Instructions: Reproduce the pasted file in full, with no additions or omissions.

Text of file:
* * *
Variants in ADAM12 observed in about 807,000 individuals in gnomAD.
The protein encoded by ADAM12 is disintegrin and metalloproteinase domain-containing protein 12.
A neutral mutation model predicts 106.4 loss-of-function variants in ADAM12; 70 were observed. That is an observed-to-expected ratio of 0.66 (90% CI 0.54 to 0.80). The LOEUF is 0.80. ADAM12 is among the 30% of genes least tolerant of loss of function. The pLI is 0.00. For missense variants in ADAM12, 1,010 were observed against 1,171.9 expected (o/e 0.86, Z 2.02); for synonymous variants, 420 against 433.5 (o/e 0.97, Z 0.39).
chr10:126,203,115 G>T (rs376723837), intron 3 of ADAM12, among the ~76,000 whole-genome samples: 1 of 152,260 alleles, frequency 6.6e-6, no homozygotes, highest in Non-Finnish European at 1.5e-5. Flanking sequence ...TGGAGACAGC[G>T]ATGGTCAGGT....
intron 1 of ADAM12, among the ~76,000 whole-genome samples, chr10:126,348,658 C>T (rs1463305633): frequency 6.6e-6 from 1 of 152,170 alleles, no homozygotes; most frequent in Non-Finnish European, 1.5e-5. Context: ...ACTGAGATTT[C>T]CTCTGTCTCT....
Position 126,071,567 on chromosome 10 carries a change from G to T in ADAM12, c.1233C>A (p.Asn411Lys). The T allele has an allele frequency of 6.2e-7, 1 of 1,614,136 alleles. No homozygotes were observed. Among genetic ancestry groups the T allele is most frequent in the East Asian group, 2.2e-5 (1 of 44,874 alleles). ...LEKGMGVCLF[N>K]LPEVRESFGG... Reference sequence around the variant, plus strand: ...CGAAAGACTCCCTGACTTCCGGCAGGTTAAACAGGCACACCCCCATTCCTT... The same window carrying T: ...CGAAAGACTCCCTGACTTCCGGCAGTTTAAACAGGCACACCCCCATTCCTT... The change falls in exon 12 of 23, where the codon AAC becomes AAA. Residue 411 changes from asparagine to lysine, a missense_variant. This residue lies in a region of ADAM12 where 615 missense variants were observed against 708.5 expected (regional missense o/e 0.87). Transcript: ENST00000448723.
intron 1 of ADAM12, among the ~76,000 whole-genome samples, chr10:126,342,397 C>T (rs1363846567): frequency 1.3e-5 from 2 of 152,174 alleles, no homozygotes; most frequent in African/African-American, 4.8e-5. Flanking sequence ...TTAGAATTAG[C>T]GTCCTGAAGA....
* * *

Variants in ADAM12 observed in about 807,000 individuals in gnomAD.
The protein encoded by ADAM12 is disintegrin and metalloproteinase domain-containing protein 12.
A neutral mutation model predicts 106.4 loss-of-function variants in ADAM12; 70 were observed. That is an observed-to-expected ratio of 0.66 (90% CI 0.54 to 0.80). The LOEUF is 0.80. ADAM12 is among the 30% of genes least tolerant of loss of function. The pLI is 0.00. For missense variants in ADAM12, 1,010 were observed against 1,171.9 expected (o/e 0.86, Z 2.02); for synonymous variants, 420 against 433.5 (o/e 0.97, Z 0.39).
chr10:126,203,115 G>T (rs376723837), intron 3 of ADAM12, among the ~76,000 whole-genome samples: 1 of 152,260 alleles, frequency 6.6e-6, no homozygotes, highest in Non-Finnish European at 1.5e-5. Flanking sequence ...TGGAGACAGC[G>T]ATGGTCAGGT....
intron 1 of ADAM12, among the ~76,000 whole-genome samples, chr10:126,348,658 C>T (rs1463305633): frequency 6.6e-6 from 1 of 152,170 alleles, no homozygotes; most frequent in Non-Finnish European, 1.5e-5. Context: ...ACTGAGATTT[C>T]CTCTGTCTCT....
Position 126,071,567 on chromosome 10 carries a change from G to T in ADAM12, c.1233C>A (p.Asn411Lys). The T allele has an allele frequency of 6.2e-7, 1 of 1,614,136 alleles. No homozygotes were observed. Among genetic ancestry groups the T allele is most frequent in the East Asian group, 2.2e-5 (1 of 44,874 alleles). ...LEKGMGVCLF[N>K]LPEVRESFGG... Reference sequence around the variant, plus strand: ...CGAAAGACTCCCTGACTTCCGGCAGGTTAAACAGGCACACCCCCATTCCTT... The same window carrying T: ...CGAAAGACTCCCTGACTTCCGGCAGTTTAAACAGGCACACCCCCATTCCTT... The change falls in exon 12 of 23, where the codon AAC becomes AAA. Residue 411 changes from asparagine to lysine, a missense_variant. This residue lies in a region of ADAM12 where 615 missense variants were observed against 708.5 expected (regional missense o/e 0.87). Transcript: ENST00000448723.
intron 1 of ADAM12, among the ~76,000 whole-genome samples, chr10:126,342,397 C>T (rs1363846567): frequency 1.3e-5 from 2 of 152,174 alleles, no homozygotes; most frequent in African/African-American, 4.8e-5. Flanking sequence ...TTAGAATTAG[C>T]GTCCTGAAGA....